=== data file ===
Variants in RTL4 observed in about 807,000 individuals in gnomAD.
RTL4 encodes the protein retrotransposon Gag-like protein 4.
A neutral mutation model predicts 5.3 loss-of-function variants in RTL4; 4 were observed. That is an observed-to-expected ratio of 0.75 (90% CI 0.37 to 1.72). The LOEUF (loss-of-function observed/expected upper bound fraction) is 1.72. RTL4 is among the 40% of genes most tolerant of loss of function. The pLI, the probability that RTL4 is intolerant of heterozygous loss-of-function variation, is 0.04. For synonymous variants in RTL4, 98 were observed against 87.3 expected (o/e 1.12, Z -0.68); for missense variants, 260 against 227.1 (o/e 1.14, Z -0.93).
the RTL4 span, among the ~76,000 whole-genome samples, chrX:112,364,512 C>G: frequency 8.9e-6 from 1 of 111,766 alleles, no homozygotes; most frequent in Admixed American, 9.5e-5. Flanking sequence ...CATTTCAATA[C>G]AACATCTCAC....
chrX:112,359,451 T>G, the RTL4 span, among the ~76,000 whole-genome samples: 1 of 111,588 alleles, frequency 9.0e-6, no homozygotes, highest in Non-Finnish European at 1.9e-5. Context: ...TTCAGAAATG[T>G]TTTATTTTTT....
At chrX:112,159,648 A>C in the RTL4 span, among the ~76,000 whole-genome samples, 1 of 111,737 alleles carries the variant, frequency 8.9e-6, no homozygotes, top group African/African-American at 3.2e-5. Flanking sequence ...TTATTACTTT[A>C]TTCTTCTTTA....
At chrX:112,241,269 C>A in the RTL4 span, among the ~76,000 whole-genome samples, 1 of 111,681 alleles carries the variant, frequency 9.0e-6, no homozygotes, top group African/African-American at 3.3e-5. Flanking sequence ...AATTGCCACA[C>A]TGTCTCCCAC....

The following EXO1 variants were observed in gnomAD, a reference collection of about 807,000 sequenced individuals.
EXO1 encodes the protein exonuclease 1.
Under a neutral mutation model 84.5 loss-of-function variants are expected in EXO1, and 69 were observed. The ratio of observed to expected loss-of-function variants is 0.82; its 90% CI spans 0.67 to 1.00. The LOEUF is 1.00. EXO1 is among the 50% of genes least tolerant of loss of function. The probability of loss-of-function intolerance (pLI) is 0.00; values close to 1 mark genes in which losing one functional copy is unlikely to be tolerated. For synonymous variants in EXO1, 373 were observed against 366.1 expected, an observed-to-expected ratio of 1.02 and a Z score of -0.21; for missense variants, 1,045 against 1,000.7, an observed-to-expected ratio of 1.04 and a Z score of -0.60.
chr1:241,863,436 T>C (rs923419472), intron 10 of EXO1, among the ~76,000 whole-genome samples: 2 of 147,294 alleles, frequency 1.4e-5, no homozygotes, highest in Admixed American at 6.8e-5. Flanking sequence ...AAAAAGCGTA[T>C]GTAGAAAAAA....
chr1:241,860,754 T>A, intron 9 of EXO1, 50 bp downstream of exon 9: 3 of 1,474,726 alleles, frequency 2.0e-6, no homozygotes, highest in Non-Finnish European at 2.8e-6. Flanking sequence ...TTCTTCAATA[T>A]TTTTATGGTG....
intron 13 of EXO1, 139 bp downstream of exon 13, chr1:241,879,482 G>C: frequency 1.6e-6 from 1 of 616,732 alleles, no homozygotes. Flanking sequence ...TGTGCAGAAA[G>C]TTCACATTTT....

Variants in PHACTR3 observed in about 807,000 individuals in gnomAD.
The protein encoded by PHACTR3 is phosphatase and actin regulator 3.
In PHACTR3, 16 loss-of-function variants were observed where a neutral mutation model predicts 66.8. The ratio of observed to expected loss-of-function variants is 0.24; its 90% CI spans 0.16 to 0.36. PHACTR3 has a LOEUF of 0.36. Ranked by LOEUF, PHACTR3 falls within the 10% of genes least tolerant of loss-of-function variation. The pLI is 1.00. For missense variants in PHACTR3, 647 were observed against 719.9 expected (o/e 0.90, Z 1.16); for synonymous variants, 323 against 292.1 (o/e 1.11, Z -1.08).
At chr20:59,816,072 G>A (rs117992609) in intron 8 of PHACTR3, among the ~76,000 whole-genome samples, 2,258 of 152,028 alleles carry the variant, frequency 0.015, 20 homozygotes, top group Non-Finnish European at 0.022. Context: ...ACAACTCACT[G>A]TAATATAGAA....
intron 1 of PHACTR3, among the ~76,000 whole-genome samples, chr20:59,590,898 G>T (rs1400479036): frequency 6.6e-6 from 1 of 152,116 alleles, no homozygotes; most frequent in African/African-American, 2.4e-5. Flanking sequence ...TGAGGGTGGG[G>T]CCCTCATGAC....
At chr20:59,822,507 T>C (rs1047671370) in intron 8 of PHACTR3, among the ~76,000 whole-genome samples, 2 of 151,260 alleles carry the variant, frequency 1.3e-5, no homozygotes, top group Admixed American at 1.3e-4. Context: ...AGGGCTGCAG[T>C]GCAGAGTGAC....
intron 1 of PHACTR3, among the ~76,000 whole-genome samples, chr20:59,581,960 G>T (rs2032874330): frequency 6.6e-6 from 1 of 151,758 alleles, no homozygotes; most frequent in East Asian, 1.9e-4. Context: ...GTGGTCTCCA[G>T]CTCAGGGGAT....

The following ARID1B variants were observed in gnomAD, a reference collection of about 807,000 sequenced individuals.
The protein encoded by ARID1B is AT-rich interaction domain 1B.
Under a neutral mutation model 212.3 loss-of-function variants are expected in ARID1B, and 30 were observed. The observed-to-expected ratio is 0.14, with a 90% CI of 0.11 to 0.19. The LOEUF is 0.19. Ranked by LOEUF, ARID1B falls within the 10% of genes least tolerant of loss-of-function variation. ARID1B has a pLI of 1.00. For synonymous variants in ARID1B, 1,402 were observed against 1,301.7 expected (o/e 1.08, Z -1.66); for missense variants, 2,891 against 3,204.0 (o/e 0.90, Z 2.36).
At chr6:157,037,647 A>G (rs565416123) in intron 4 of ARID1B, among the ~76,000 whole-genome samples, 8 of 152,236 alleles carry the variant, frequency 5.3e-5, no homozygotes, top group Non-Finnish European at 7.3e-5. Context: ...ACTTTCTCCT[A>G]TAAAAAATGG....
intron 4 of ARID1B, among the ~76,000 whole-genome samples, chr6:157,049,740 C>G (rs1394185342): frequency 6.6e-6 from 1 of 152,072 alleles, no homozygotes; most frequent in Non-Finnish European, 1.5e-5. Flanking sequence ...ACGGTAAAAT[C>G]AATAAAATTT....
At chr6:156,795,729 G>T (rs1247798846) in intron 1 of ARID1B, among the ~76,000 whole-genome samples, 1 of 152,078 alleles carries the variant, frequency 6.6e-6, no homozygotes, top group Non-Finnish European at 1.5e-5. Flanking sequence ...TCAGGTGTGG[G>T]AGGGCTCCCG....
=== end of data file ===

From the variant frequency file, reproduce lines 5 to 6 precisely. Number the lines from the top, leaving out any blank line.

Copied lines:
chrX:112,359,451 T>G, the RTL4 span, among the ~76,000 whole-genome samples: 1 of 111,588 alleles, frequency 9.0e-6, no homozygotes, highest in Non-Finnish European at 1.9e-5. Context: ...TTCAGAAATG[T>G]TTTATTTTTT....
At chrX:112,159,648 A>C in the RTL4 span, among the ~76,000 whole-genome samples, 1 of 111,737 alleles carries the variant, frequency 8.9e-6, no homozygotes, top group African/African-American at 3.2e-5. Flanking sequence ...TTATTACTTT[A>C]TTCTTCTTTA....